A contact lens covers the cornea of your eye. The cornea has no blood supply and gets all its oxygen from the outside air. Any contact lens is a barrier and reduces the oxygen available to your cornea. Virtually all the contact lenses developed in the last few years (like Acuvue Oasys, Air optic Night&Day, or Biofinity) contain silicon which dramatically increases the oxygen to the cornea. For example, the new Acuvue Oasys transmits oxygen five times faster than the old Acuvue II.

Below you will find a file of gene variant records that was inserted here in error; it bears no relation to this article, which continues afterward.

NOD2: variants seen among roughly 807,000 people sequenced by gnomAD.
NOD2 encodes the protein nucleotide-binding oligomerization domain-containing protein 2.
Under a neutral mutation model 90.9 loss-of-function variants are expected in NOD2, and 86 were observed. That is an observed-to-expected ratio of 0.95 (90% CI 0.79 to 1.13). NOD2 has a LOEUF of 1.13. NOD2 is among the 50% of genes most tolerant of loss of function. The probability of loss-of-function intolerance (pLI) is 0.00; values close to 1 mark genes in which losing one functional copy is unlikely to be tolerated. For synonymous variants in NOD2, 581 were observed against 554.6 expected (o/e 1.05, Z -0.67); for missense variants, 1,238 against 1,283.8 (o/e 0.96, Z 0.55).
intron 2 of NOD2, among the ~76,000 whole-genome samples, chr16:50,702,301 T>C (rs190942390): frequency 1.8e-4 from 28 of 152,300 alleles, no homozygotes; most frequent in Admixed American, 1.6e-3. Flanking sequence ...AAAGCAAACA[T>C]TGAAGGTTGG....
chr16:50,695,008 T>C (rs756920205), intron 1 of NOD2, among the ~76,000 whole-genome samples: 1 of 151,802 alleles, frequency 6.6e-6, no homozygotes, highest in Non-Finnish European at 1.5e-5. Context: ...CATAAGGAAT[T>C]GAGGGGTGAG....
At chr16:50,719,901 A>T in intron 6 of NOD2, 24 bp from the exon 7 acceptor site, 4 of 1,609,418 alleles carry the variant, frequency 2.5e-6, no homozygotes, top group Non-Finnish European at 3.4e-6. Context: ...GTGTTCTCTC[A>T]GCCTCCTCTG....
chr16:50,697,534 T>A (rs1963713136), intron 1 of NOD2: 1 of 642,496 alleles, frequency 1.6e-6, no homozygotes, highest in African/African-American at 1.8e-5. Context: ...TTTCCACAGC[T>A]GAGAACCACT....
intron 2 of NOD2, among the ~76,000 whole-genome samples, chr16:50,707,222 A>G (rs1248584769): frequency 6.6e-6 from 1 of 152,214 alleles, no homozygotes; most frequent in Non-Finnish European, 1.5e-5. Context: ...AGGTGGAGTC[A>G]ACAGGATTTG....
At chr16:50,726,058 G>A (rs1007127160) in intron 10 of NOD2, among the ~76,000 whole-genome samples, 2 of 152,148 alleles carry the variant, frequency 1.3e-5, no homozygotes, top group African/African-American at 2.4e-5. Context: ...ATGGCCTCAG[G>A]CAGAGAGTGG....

If a cornea doesn't get enough oxygen for a prolonged period it can slowly develop neovascularization. This is a painless slow growth of new blood vessels into the cornea. This is undesirable and permanent. Neovascularization cannot be allowed to develop far enough into the cornea or it would cause permanent vision problems. Fortunately this happens slowly enough that it can be diagnosed in the yearly eye exams necessary for all contact lens wearers. The other main risk of oxygen shortage is an increased risk of corneal ulcers. People who sleep in their contacts lenses are at an increased risk of this particular problem. A corneal ulcer is a very painful condition where the eye gets red and very light sensitive. Corneal ulcers must be treated rapidly to prevent permanent vision loss. Increasing the oxygen to the eye helps decrease the chance of both these problems.